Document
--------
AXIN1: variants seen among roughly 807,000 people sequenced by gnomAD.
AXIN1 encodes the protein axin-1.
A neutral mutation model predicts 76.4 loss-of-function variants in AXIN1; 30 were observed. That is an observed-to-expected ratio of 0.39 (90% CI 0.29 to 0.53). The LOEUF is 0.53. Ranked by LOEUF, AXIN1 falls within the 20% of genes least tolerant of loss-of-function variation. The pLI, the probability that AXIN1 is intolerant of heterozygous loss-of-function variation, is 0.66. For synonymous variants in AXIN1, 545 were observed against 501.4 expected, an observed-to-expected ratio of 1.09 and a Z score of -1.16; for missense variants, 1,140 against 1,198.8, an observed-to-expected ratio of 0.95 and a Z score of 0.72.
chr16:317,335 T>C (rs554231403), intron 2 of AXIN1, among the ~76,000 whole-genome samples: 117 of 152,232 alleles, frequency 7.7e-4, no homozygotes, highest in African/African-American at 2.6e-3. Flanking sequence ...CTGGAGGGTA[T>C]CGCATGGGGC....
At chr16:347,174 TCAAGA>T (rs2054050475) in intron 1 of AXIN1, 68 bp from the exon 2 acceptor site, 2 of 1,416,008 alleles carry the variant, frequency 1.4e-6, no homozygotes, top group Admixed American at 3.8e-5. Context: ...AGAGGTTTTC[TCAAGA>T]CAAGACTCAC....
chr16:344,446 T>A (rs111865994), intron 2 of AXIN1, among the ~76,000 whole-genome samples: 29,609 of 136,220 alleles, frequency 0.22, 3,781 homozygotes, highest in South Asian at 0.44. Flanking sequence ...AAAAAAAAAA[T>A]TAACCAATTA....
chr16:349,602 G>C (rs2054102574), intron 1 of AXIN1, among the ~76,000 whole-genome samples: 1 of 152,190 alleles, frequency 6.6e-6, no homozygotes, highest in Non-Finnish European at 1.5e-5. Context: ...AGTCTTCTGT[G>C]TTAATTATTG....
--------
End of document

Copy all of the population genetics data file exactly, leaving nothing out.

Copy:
AXIN1: variants seen among roughly 807,000 people sequenced by gnomAD.
AXIN1 encodes the protein axin-1.
A neutral mutation model predicts 76.4 loss-of-function variants in AXIN1; 30 were observed. That is an observed-to-expected ratio of 0.39 (90% CI 0.29 to 0.53). The LOEUF is 0.53. Ranked by LOEUF, AXIN1 falls within the 20% of genes least tolerant of loss-of-function variation. The pLI, the probability that AXIN1 is intolerant of heterozygous loss-of-function variation, is 0.66. For synonymous variants in AXIN1, 545 were observed against 501.4 expected, an observed-to-expected ratio of 1.09 and a Z score of -1.16; for missense variants, 1,140 against 1,198.8, an observed-to-expected ratio of 0.95 and a Z score of 0.72.
chr16:317,335 T>C (rs554231403), intron 2 of AXIN1, among the ~76,000 whole-genome samples: 117 of 152,232 alleles, frequency 7.7e-4, no homozygotes, highest in African/African-American at 2.6e-3. Flanking sequence ...CTGGAGGGTA[T>C]CGCATGGGGC....
At chr16:347,174 TCAAGA>T (rs2054050475) in intron 1 of AXIN1, 68 bp from the exon 2 acceptor site, 2 of 1,416,008 alleles carry the variant, frequency 1.4e-6, no homozygotes, top group Admixed American at 3.8e-5. Context: ...AGAGGTTTTC[TCAAGA>T]CAAGACTCAC....
chr16:344,446 T>A (rs111865994), intron 2 of AXIN1, among the ~76,000 whole-genome samples: 29,609 of 136,220 alleles, frequency 0.22, 3,781 homozygotes, highest in South Asian at 0.44. Flanking sequence ...AAAAAAAAAA[T>A]TAACCAATTA....
chr16:349,602 G>C (rs2054102574), intron 1 of AXIN1, among the ~76,000 whole-genome samples: 1 of 152,190 alleles, frequency 6.6e-6, no homozygotes, highest in Non-Finnish European at 1.5e-5. Context: ...AGTCTTCTGT[G>C]TTAATTATTG....